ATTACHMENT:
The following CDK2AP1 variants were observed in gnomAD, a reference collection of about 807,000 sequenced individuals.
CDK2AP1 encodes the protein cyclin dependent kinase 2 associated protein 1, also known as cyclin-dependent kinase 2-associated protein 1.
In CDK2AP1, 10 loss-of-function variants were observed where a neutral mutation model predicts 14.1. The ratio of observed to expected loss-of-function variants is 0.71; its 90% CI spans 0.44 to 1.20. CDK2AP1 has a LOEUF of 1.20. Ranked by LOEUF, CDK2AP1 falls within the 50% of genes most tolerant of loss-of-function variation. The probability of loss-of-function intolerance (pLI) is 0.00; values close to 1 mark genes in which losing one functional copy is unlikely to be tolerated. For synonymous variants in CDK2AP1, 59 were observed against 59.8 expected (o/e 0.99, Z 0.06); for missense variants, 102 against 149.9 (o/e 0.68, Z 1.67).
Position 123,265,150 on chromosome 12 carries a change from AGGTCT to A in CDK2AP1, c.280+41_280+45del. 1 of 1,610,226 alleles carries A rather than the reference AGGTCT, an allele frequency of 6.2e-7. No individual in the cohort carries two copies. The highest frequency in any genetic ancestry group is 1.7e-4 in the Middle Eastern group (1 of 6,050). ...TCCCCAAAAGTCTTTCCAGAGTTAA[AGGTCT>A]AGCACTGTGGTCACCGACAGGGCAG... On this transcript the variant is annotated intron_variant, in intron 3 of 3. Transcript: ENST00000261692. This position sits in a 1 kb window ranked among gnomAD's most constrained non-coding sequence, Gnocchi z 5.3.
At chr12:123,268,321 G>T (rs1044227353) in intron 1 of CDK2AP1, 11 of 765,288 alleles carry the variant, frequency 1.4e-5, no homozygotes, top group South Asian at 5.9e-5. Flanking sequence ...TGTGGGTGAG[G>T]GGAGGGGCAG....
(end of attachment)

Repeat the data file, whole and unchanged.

The following CDK2AP1 variants were observed in gnomAD, a reference collection of about 807,000 sequenced individuals.
CDK2AP1 encodes the protein cyclin dependent kinase 2 associated protein 1, also known as cyclin-dependent kinase 2-associated protein 1.
In CDK2AP1, 10 loss-of-function variants were observed where a neutral mutation model predicts 14.1. The ratio of observed to expected loss-of-function variants is 0.71; its 90% CI spans 0.44 to 1.20. CDK2AP1 has a LOEUF of 1.20. Ranked by LOEUF, CDK2AP1 falls within the 50% of genes most tolerant of loss-of-function variation. The probability of loss-of-function intolerance (pLI) is 0.00; values close to 1 mark genes in which losing one functional copy is unlikely to be tolerated. For synonymous variants in CDK2AP1, 59 were observed against 59.8 expected (o/e 0.99, Z 0.06); for missense variants, 102 against 149.9 (o/e 0.68, Z 1.67).
Position 123,265,150 on chromosome 12 carries a change from AGGTCT to A in CDK2AP1, c.280+41_280+45del. 1 of 1,610,226 alleles carries A rather than the reference AGGTCT, an allele frequency of 6.2e-7. No individual in the cohort carries two copies. The highest frequency in any genetic ancestry group is 1.7e-4 in the Middle Eastern group (1 of 6,050). ...TCCCCAAAAGTCTTTCCAGAGTTAA[AGGTCT>A]AGCACTGTGGTCACCGACAGGGCAG... On this transcript the variant is annotated intron_variant, in intron 3 of 3. Transcript: ENST00000261692. This position sits in a 1 kb window ranked among gnomAD's most constrained non-coding sequence, Gnocchi z 5.3.
At chr12:123,268,321 G>T (rs1044227353) in intron 1 of CDK2AP1, 11 of 765,288 alleles carry the variant, frequency 1.4e-5, no homozygotes, top group South Asian at 5.9e-5. Flanking sequence ...TGTGGGTGAG[G>T]GGAGGGGCAG....